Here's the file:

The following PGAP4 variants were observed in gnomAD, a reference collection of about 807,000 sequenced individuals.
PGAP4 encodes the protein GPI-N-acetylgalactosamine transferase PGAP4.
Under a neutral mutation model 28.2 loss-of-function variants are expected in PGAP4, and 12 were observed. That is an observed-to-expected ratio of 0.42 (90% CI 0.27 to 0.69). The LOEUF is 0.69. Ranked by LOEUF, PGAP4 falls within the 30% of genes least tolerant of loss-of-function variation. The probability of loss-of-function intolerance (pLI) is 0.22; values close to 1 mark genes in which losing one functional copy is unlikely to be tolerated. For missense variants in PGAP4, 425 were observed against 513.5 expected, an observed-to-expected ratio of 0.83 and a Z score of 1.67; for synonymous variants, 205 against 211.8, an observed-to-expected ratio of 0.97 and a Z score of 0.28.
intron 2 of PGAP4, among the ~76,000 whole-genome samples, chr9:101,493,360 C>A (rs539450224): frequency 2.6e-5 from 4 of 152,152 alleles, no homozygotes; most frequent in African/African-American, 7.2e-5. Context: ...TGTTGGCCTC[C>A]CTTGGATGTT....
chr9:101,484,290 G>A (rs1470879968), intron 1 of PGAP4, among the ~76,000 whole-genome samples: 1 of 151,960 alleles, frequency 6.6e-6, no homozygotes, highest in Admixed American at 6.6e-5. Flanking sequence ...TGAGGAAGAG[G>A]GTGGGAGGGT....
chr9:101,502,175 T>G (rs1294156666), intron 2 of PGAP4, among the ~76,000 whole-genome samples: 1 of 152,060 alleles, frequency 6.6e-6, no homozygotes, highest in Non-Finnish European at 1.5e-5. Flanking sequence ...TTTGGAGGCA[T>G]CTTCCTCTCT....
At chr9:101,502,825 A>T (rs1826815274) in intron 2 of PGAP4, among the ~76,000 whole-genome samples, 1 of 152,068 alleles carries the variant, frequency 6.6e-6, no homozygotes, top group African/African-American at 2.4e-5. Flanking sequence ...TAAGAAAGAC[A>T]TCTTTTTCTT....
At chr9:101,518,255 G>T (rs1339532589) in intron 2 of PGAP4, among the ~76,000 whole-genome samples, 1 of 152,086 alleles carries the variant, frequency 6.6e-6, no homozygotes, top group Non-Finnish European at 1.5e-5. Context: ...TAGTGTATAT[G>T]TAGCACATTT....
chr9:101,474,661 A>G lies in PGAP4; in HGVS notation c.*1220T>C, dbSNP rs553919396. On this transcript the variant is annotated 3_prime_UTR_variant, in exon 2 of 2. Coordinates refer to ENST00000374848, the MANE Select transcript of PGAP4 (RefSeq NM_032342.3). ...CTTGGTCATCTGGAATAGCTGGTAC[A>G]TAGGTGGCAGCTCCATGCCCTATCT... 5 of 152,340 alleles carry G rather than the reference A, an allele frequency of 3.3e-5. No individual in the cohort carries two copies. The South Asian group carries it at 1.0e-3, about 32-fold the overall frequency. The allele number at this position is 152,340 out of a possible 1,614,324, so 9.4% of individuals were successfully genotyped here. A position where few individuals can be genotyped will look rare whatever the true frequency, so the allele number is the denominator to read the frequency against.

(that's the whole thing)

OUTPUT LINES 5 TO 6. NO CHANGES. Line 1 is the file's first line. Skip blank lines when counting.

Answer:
chr9:101,484,290 G>A (rs1470879968), intron 1 of PGAP4, among the ~76,000 whole-genome samples: 1 of 151,960 alleles, frequency 6.6e-6, no homozygotes, highest in Admixed American at 6.6e-5. Flanking sequence ...TGAGGAAGAG[G>A]GTGGGAGGGT....
chr9:101,502,175 T>G (rs1294156666), intron 2 of PGAP4, among the ~76,000 whole-genome samples: 1 of 152,060 alleles, frequency 6.6e-6, no homozygotes, highest in Non-Finnish European at 1.5e-5. Flanking sequence ...TTTGGAGGCA[T>G]CTTCCTCTCT....